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The Battalion

The Student News Site of Texas A&M University - College Station

The Battalion

The Student News Site of Texas A&M University - College Station

The Battalion

Texas A&M utility Gavin Grahovac (9) throws the ball during A&Ms game against Georgia on Friday, April 26, 2024, at Olsen Field. (CJ Smith/The Battalion)
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Farewell from the graduating Battalion staff of 2024
Farewell from the graduating Battalion staff of 2024
The BattalionMay 4, 2024

‘Forever grateful’ seniors reflect on time at A&M

As+the+semester+comes+to+a+close%2C+graduating+seniors+from+Texas+A%26amp%3BMs+Class+of+2021+take+the+opportunity+to+reflect+on+their+time+spent+in+Aggieland.%26%23160%3B
Photo by Photo by Victoria Ramirez

As the semester comes to a close, graduating seniors from Texas A&M’s Class of 2021 take the opportunity to reflect on their time spent in Aggieland. 

With undergraduate commencement ceremonies two weeks away, seniors reminisce on memories made at Texas A&M before taking on life away from Aggieland. Many traditions like Elephant Walk, Ring Day and Muster have already passed, and finals are the only thing left for seniors before walking the stage.
History and anthropology senior Victoria Hutcheson said completing her final weeks on campus has been bittersweet. Hutcheson said she knew A&M was the place for her from the start.
“I’m a third-generation Aggie. [I’ve been] brainwashed on this stuff since birth,” Hutcheson said. “There was nowhere else. I didn’t apply anywhere else [and] I didn’t go anywhere else. It was A&M or bust. I worked everyday to get to this, and it’s done.”
In a few months, Hutcheson said she will be starting a master’s degree at Texas Tech for museum studies and heritage management. Although she looks forward to new experiences, she said she is thankful for her memories at A&M, especially from freshman year.
“I was reminiscing with my roommate the other day. Freshman year was so high quality. We had such a crazy freshman energy. We were all into doing everything, say yes to everything, full send it in every aspect,” Hutcheson said. “It was funny about how we were so into every single thing, and now we’ve settled into our place.”
Biomedical engineering senior David Dishman said being an Aggie was more of a foreign experience for him. He said his decision to further his education at A&M was largely because of his positive impression as a visiting high school student.
“[A&M has] a good engineering program, so we came down here,” Dishman said “On our tour just walking around campus, three people came up to us and said, ‘Howdy,’ [and] asked if we needed directions and where we were going. I thought, ‘This is a really nice place,’ and didn’t look at any other schools after that.”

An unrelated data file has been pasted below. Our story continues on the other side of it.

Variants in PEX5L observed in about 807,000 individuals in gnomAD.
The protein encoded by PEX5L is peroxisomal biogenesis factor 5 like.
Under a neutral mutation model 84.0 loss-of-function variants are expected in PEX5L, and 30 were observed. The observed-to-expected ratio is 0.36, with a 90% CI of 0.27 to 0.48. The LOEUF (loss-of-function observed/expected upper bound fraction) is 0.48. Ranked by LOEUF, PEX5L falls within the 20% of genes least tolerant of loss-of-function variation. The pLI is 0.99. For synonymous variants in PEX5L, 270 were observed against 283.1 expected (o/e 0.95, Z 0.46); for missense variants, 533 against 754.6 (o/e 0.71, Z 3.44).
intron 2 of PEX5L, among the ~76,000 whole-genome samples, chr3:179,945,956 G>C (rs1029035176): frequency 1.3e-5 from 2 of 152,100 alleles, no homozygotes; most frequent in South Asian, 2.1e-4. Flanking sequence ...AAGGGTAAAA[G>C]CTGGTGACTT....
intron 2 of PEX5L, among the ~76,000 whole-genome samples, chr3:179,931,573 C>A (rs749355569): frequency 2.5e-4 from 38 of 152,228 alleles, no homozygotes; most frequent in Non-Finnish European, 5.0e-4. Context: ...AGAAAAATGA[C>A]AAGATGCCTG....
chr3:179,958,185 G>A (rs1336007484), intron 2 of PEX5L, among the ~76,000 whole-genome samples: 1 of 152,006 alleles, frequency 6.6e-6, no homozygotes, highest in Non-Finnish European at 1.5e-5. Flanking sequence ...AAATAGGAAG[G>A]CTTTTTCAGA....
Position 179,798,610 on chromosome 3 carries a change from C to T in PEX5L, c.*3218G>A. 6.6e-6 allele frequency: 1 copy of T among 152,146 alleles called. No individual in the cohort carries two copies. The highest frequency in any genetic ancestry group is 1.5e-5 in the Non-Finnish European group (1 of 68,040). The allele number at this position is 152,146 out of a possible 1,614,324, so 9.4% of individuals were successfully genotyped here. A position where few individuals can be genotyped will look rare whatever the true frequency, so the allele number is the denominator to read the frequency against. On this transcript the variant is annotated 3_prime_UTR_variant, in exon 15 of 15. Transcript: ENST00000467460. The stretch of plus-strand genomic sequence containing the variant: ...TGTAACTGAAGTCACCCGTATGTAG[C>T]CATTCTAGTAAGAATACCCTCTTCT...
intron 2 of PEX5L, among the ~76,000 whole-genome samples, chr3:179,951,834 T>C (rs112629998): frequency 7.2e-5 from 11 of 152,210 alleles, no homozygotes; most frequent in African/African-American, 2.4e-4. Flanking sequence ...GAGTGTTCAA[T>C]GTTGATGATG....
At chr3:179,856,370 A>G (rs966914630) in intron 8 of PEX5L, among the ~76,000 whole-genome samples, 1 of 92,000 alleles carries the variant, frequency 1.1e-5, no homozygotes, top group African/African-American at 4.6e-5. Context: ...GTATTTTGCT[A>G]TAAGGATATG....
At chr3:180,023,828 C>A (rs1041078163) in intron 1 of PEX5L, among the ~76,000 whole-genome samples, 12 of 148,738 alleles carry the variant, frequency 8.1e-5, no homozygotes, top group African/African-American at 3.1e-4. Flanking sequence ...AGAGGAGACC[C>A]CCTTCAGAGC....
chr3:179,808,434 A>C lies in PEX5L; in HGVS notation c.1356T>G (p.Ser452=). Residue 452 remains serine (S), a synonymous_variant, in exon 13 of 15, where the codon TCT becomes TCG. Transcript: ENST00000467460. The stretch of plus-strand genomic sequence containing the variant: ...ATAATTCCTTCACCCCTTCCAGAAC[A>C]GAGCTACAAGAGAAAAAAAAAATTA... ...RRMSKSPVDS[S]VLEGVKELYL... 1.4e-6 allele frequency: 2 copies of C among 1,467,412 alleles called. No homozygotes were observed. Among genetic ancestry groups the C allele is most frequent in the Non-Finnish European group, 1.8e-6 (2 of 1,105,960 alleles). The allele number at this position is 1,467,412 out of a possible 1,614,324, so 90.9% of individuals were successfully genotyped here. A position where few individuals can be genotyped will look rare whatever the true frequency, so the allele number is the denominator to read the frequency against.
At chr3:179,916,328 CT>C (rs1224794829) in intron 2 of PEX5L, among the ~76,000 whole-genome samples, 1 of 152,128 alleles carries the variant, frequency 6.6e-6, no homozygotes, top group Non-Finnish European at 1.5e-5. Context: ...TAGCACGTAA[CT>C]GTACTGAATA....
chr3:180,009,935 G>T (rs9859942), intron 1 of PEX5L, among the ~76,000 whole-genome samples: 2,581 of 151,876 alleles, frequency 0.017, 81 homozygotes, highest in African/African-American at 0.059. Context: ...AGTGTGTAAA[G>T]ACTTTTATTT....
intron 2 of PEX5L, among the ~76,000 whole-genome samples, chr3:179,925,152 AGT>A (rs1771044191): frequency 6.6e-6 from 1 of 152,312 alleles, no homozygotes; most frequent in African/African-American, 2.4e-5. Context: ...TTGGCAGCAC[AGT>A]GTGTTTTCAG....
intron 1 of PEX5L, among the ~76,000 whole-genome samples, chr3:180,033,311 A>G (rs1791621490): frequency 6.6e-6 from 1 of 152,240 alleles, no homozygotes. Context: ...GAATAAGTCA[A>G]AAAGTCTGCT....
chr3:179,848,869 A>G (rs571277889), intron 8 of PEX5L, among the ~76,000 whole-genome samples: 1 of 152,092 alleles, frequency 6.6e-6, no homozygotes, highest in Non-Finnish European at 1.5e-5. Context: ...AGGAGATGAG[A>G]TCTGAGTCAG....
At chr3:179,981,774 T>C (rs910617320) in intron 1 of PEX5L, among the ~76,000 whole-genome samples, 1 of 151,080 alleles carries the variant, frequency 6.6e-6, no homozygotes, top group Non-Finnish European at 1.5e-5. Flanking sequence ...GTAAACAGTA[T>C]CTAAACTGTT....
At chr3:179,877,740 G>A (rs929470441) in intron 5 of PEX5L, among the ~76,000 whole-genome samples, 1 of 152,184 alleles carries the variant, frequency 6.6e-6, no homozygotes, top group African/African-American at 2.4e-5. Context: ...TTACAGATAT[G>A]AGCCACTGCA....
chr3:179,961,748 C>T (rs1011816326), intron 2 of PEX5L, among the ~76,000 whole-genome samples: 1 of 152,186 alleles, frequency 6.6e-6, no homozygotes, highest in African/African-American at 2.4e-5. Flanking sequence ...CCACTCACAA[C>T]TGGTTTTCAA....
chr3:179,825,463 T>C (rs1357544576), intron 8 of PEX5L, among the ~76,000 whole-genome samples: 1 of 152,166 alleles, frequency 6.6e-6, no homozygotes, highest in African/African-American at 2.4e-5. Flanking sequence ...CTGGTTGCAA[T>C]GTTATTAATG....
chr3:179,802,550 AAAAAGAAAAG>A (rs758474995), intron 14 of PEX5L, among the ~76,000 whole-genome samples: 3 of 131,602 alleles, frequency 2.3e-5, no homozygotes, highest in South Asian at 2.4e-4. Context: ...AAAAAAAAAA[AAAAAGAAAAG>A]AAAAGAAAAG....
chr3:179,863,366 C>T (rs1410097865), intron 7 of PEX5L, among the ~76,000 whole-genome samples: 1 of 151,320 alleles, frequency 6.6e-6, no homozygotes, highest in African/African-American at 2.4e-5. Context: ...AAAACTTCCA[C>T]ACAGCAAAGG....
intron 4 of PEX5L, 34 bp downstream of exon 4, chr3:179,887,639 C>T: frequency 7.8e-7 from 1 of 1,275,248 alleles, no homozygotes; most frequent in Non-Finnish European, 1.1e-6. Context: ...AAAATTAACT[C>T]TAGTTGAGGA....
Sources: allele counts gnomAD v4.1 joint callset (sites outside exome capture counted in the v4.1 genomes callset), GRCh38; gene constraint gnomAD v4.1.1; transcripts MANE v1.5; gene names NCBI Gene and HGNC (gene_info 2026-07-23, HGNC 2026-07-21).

For students continuing or starting their college careers at A&M next year, Dishman said he hopes they will use their minors as an opportunity to pursue a passion outside of their career field.
“If you have the time for it in your schedule, don’t be afraid to get a minor in something that you’re passionate about. My minor is anthropology,” Dishman said. “It’s really helped me get through harder semesters because I have classes that I’m in just because I want to be there, not because I have to get through it.”
Kinesiology senior Hannah Hernandez said she has also used her opportunities at A&M to pursue academic passions. Additionally, she said her major program has allowed her to gain working experience and make professional connections.
“Doing athletic training, I’ve been able to work with A&M Athletics for the past couple years, doing observation [and] doing training for student athletes,” Hernandez said. “As a personal and professional development thing, it has been really cool. I’ve grown a lot in what I’m going to hold onto. It’s been an amazing opportunity to make connections.”
While Hernandez is the first member of her family to attend A&M, she said she knew this was her future home from a young age.
“I grew up as an Aggie. I have fond memories of knowing traditions and watching games all throughout my childhood. We call ourselves ‘adopted Aggies’ because both my parents went to [the University of Texas at] Arlington,” Hernandez said. “When it came to applying to colleges, it was a no-brainer.”
Hernandez said Muster has been her favorite tradition because of a friend who was honored at last year’s ceremony.
“It has been cool to see it withstand everything, and that was such a hard-hitting point at Muster this year,” Hernandez said. “One of my friends passed away last year, and getting to say, ‘Here,’ for him at Muster last year… it was something I was so grateful for, to be able to honor him.”
Hernandez said she will soon start her master’s degree at Louisiana State University in athletic training, but she said A&M’s influence will always stay with her, as Aggieland has allowed her to grow to her full potential.
“I will be forever grateful for this university and the person it has shaped me into,” Hernandez said. “This me is not the me that stepped on campus freshman year, and I could not be more grateful for that … It’s irreplaceable.”

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